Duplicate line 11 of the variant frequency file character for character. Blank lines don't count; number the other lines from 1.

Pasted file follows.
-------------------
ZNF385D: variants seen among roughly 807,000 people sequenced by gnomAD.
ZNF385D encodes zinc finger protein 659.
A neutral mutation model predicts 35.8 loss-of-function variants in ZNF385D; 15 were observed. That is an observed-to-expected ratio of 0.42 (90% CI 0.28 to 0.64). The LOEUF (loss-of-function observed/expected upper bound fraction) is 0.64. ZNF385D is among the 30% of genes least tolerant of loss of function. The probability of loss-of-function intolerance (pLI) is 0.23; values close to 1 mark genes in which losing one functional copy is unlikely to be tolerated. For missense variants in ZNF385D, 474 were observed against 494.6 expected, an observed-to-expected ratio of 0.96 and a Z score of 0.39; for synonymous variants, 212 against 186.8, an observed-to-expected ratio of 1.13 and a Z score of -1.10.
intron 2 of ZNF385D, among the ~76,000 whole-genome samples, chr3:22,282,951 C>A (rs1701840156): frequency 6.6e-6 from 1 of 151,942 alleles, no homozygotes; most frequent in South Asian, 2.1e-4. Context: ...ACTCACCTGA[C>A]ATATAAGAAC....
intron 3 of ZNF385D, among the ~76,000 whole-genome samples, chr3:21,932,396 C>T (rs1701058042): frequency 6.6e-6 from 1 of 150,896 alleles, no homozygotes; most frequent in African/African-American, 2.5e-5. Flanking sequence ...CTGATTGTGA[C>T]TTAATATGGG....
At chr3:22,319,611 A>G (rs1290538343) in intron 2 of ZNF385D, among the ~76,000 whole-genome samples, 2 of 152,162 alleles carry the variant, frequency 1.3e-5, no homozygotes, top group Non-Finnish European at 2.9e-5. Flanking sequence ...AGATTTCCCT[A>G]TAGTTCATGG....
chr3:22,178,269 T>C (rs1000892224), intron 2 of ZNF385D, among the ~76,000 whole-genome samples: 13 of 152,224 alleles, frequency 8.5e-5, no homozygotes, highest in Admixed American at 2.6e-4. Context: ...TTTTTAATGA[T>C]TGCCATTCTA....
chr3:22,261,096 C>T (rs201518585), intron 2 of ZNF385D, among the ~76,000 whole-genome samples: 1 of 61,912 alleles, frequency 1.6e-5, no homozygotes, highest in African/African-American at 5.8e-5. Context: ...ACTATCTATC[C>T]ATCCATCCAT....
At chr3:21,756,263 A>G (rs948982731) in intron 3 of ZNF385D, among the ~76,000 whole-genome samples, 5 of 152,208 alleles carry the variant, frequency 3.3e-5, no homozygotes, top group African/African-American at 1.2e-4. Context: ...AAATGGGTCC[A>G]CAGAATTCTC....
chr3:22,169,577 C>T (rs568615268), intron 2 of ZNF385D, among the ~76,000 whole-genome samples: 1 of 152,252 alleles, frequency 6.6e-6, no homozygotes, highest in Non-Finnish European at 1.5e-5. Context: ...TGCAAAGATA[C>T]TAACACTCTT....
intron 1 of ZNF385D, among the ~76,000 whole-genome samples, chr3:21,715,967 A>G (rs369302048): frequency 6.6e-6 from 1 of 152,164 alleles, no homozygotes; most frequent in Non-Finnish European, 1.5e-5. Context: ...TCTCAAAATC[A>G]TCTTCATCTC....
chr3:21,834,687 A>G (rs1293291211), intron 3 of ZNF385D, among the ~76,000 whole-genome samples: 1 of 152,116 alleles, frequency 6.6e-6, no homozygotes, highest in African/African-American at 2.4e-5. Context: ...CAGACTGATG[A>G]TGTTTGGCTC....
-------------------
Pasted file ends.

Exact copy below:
intron 1 of ZNF385D, among the ~76,000 whole-genome samples, chr3:21,715,967 A>G (rs369302048): frequency 6.6e-6 from 1 of 152,164 alleles, no homozygotes; most frequent in Non-Finnish European, 1.5e-5. Context: ...TCTCAAAATC[A>G]TCTTCATCTC....